Don’t you know that, even if my web surfing identified me as a neocon (as opposed to, say, a paleocon, a social conservative, a classical liberal, a libertarian, an anarcho-capitalist, a constitutionalist, an objectivist, or some other variation on the small-government theme), that fact alone wouldn’t prevent me from being correct in the kinds of objective, verifiable statements I made?

        Your statement is a textbook usage of the ad hominem fallacy, though. (Really, a classic example. May I quote you on it?)

        But you did make something like an argument, there, citing the preamble. What portion of it would you regard as falsifying my statements about the Founding Fathers?

        I hope you’re not going for “general welfare”: Terms can be used in different ways in different eras, you know: David Lloyd George in the U.K. was the first to pair it with government provision of the type you have in mind: But that was the early 1900’s.

        (And even had the Founders used the term that way, one would be stuck, in reading the Preamble, with explaining the difference between “providing for” the common defense, on the one hand, and merely “promoting” the general welfare, on the other. That’s a usage which hasn’t changed: It would indicate a sort of indirect encouragement of the latter item, such as laws conducive, but that the former item would actually be funded from the public purse.)

        So you have anachronisms in your reading of the Preamble. But a review of the history of the Bill of Rights would also be instructive, here.

        You do know, don’t you, that the Bill of Rights was nearly not passed at all, because, as a matter of Constitutional interpretation, the Framers mostly felt that it would be redundant, since establishing a religion or violating freedom of the press were impossible anyway since power to do so was not granted in Article I? Yes, that really was the argument: “Who needs a Bill of Rights to prevent the government from doing what we never gave it the power to do?”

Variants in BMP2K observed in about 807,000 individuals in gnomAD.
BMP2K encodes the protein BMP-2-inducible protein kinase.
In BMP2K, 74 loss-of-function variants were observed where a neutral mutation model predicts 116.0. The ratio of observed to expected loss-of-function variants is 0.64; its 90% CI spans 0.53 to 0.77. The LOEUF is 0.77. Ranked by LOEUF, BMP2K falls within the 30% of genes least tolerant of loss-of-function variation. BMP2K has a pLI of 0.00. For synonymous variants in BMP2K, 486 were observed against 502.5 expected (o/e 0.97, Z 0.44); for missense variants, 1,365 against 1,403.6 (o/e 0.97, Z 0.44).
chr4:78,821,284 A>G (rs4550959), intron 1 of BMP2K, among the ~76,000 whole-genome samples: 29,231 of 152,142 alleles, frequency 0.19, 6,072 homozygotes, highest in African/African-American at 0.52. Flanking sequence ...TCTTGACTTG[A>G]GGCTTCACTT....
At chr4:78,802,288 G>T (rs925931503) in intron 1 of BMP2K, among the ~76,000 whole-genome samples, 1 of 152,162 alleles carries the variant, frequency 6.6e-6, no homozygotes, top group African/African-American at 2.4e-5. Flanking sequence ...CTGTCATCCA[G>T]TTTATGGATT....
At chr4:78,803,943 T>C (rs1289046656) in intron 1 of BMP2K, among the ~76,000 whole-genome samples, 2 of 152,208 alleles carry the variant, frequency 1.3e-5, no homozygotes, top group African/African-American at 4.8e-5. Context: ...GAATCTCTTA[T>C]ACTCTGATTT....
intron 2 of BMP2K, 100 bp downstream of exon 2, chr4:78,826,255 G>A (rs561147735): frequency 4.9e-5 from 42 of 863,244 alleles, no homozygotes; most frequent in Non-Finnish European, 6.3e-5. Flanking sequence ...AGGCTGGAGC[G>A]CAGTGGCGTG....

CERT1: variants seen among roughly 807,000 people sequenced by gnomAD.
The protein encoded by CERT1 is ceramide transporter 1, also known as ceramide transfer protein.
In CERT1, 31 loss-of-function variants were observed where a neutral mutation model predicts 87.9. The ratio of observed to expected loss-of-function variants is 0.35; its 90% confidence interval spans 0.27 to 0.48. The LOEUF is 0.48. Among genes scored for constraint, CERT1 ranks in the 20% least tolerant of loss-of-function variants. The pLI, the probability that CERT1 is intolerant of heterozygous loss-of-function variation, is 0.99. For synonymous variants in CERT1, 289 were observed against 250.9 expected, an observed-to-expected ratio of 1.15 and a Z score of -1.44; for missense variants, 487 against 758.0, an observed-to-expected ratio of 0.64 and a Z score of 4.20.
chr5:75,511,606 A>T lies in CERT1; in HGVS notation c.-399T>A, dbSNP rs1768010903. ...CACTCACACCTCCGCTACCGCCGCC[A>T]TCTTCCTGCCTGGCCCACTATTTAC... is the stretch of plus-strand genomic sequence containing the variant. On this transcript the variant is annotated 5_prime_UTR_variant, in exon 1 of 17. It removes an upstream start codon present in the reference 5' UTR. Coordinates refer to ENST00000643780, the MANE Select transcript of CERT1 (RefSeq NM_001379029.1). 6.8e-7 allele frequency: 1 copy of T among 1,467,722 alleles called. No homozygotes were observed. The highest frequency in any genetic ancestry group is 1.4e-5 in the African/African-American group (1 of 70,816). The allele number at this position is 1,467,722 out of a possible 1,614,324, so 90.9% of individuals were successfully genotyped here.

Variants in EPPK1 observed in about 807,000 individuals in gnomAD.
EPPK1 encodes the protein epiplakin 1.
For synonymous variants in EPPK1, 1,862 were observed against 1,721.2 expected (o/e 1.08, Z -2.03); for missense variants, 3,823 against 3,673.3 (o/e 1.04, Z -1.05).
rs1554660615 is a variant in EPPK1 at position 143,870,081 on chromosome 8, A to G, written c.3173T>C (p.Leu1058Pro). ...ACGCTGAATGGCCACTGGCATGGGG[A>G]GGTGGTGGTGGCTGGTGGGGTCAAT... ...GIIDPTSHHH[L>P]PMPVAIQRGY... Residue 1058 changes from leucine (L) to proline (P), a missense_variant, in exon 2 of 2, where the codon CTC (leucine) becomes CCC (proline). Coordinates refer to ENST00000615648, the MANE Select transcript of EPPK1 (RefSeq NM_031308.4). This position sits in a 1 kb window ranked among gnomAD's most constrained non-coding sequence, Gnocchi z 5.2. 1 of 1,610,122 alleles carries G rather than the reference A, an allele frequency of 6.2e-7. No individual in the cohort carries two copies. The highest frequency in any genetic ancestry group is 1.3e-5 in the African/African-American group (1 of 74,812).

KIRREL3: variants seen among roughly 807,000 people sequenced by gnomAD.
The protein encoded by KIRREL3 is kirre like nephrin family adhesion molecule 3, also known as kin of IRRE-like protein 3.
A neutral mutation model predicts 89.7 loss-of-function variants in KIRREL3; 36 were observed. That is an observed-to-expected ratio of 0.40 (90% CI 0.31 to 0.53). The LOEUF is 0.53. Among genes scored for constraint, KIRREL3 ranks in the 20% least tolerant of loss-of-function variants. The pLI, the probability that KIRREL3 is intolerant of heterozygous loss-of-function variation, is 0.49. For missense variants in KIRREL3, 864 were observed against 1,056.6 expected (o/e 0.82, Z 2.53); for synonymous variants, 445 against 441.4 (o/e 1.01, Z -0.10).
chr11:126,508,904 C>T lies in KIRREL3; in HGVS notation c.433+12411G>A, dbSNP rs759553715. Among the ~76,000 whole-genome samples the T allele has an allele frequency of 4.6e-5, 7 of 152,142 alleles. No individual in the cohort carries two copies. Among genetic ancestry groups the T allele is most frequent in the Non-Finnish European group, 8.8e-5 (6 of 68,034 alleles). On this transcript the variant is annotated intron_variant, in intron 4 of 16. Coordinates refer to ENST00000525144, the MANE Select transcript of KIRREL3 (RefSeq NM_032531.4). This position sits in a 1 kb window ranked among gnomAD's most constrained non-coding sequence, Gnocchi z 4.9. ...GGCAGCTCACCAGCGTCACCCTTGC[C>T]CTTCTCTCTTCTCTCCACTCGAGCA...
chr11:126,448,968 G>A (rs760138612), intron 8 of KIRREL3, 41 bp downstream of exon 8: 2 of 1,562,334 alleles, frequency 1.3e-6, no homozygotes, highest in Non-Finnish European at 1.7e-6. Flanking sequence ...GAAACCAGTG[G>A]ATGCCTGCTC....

And of course Amendment 10 explains where sovereignty lies in the opinion of the Founders. Read the text: “The powers not delegated to the United States by the Constitution, nor prohibited by it to the states, are reserved to the states respectively, or to the people.” In short, the people are the sovereigns; they may delegate power to the states, which may then delegate it to the Federal government, or not; or they may delegate power directly to the Federal government as an employer grants authority to his employee, or not. The only approved vehicle for such delegation is the U.S. Constitution. Any authority not delegated therein, the Federal government does not have.

        If this is all neocon fantasy, then I suppose you could call the writings of the Founding Fathers the 18th-century equivalent of a neocon blog. But since they warned against “foreign entanglements,” I don’t think it’s a very accurate statement: Neoconservatives tend more towards, uh, assertive foreign policy.

        On the other hand, the two Barbary Wars pitted the Founders, in their autumn years, up against Islamic jihadists. So perhaps you have a point there: Thomas Jefferson, benighted Zionist Bushophile!

        I am sorry that my posts are long. I think the way I write. Call it a personality quirk, or a flaw, if you like.

        But if my reply to your post seems disproportionate, consider: A fertilizer truck may tip over on the highway in mere moments, but it takes hours to clean up.

      • R.C. says:

        Darn it.

        Darn it, darn it, darn it.

        It’s 1:30 AM, and the Holy Spirit will not let me go to sleep.

        *deep breath*

        Harry, I apologize. My reply to you got rude, especially that parting shot. I snarked back at you, when I was supposed to turn the other cheek, give a soft answer, and generally not return insult for insult.

        I apologize. I should have left it alone. Please forgive my response.

      • Todd says:


        No problem on my part, man. We all stumble a bit.

        The problem today as far as many of us see it is that too much power lies not in the federal government but in its alternative, large corporations.

        And more than that, corporations who view themselves as above the law.

        Getting to the root of the neocon argument is noting they miss the boat. The American problem is not the trampling of the Constitution, but the hermeneutic of lawlessness we find in the favorite child of conservatism: business.

  5. Liam says:

    Well, let’s not talk about the most socialized medicine of all in the grand ol’ USA: veteran’s benefits.

  6. David D. says:

    Veterans’ benefits predate the Constitution though these were obviously limited by today’s standards.